By Lydia Will

Psalm 34:18

The LORD is near to the brokenhearted And saves those who are crushed in spirit.

As a parent, you spend a great deal of time thinking about keeping your child safe. It begins with strapping unbelievably small bodies into car seats for the trip home from the hospital. Then on through childhood – child safety locks. Bike helmets. Internet filters. Protecting a child from pain is the work of parenthood in those early years. Keeping them safe is the goal of every parent.

In the last few days, I’ve watched my boy change.

Just barely a teenager, he’s a bit less quick to smile now. His eyes have a faraway look. He’s quieter. He’s making a point to tell me he loves me. To hug me tight before leaving the house. He’s spending more time with friends and I’m just glad he’s not isolated up in his room. 

In the last week, my boy changed and he will never be the same again. 

It’s the one thing a parent can’t protect against. A broken heart. Eventually, in some way, it happens to us all. There is nothing a parent can do but point their child toward the truth, and hand them over securely into the hands of God. Acknowledging that this is above my pay grade, beyond my skill set – I face my own humanity, knowing that Jesus has the answer to this one.

God never downplays the pain of human life in a fallen world. He acknowledges it time and again, and so should we. There is nothing natural nor good about a mother burying her child, teenage kids shaken to their very core at the loss of a friend. This is not how it was meant to be. 

This is important. 

It is important for us all to understand that to suffer, to lament, to be awash with sadness – that is not sin. God’s own heart breaks for His children, and it is not unfaithful to grieve. We can know a loved one is in Heaven with Jesus and still feel our hearts shatter with grief at the thought of a life without them near.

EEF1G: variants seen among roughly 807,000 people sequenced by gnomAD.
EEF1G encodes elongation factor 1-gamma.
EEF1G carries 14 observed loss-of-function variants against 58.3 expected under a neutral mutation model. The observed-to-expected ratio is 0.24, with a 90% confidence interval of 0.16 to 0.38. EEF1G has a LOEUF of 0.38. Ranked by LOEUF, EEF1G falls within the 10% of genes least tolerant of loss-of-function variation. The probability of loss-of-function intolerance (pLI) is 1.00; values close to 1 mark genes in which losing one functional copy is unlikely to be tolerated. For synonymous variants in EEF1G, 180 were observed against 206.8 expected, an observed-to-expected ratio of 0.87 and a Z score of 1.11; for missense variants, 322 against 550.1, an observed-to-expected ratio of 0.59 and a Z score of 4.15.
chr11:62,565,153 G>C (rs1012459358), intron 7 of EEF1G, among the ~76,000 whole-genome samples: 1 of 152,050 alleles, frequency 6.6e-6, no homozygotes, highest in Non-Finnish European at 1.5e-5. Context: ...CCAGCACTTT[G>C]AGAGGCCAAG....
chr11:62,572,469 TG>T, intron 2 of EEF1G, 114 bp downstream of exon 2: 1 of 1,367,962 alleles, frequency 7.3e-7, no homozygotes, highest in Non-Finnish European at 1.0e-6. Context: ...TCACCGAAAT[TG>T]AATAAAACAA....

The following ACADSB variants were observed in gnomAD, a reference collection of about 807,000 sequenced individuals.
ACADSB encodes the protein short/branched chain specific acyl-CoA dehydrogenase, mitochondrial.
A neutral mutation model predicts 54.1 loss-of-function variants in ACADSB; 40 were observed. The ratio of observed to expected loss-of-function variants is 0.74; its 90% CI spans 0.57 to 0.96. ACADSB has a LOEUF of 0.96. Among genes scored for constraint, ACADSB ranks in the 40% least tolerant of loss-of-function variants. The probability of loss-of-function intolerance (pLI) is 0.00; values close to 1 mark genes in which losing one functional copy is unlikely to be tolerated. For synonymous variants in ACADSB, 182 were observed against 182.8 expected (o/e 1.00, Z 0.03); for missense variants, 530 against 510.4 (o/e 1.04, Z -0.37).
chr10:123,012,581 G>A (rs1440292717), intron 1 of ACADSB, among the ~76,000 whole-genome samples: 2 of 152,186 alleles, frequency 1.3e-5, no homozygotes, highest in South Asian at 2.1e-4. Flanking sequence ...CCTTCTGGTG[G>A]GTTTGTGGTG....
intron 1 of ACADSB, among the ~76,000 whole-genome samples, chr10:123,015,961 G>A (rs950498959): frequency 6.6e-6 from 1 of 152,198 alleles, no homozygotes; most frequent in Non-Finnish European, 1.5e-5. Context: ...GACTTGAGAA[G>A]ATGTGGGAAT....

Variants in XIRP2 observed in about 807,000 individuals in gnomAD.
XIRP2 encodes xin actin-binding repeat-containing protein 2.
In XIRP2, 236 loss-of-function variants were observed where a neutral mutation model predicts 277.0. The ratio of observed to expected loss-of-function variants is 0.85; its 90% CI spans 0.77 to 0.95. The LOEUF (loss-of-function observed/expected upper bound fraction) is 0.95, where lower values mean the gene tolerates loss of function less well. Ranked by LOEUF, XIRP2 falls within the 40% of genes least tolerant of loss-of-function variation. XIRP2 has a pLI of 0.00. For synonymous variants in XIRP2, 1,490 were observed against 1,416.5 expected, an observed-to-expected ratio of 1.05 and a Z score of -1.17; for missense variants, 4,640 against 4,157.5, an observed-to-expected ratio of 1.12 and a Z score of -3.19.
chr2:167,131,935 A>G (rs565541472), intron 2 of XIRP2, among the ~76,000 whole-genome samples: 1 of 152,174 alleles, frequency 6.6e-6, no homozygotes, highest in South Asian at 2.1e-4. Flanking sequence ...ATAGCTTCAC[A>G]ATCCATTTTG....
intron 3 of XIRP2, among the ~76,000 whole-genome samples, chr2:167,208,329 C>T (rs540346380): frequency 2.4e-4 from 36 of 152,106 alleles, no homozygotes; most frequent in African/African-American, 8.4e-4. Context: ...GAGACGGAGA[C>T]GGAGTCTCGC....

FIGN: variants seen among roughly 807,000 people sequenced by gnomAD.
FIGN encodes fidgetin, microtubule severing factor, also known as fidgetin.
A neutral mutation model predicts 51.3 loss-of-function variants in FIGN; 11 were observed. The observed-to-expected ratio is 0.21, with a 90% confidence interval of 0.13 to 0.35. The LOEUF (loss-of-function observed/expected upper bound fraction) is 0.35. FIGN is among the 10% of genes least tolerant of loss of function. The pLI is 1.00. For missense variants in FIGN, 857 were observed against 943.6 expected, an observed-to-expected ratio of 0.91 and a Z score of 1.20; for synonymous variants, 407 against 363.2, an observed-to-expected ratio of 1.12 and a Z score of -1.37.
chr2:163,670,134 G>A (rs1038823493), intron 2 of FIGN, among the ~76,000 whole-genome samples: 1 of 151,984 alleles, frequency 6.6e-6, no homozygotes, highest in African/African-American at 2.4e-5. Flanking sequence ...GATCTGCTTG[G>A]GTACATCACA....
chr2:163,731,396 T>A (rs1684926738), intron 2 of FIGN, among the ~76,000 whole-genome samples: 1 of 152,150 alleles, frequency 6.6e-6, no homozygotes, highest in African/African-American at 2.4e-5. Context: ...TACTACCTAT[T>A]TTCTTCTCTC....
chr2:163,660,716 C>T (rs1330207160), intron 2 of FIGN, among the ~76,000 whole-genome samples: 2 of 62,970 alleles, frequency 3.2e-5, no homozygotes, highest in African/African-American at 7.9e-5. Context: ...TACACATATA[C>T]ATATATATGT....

Suffering rends us, opens those broken spaces deep inside us, fissures created by our own sin and the brokenness of the world. There are two choices: to seal it up, drawing back into our tortured solitude – or to push through and beyond, inviting the Light to come, to cleanse, to warm us. One promises to heal, to comfort. The other, only to conceal in festering darkness.

God doesn’t need us to suffer to save us. Jesus did that on the cross, paying for all of our human failings in this ultimate act of love. But suffering persists because of sin. Because of brokenness. Yes, even for those who are new creations in Him, life here on earth is marred with suffering. 

A Pollyanna faith of sunshine and butterflies will only get you through the superficial scuffles of life. Deep, howling, agonizing pain requires something more. Something deeper. Something eternal. In all His great goodness, He offers that to us. Whispering His promise of victory to us through our tears, bolstering our hearts with His strength.

He shows us His way through – through the promise that it will not be for naught. That His inconceivable peace is ours for the taking. That He will redeem every broken heart for good. When we lean in, lean on those promises, He showers over us his grace, comfort, hope. Tenderly drawing us near, He has all the power to use every broken dream, every fractured heart for something beautiful.

When we look, we can see it. Because of Jesus, even the shortest life impacts the world. There’s comfort in that. Hope. Moving through our days, sitting with the suffering of ourselves and one another, grace is passed on. I see it in the way my son grieves. I see it in how he huddles in with his friends. One flicker of light catching, spreading from heart to heart.

There will still be pain. Suffering and sadness. Unfathomable grief.

And a Savior at the ready to rush right in to bear the weight with us.

It’s suffering. Redeemed.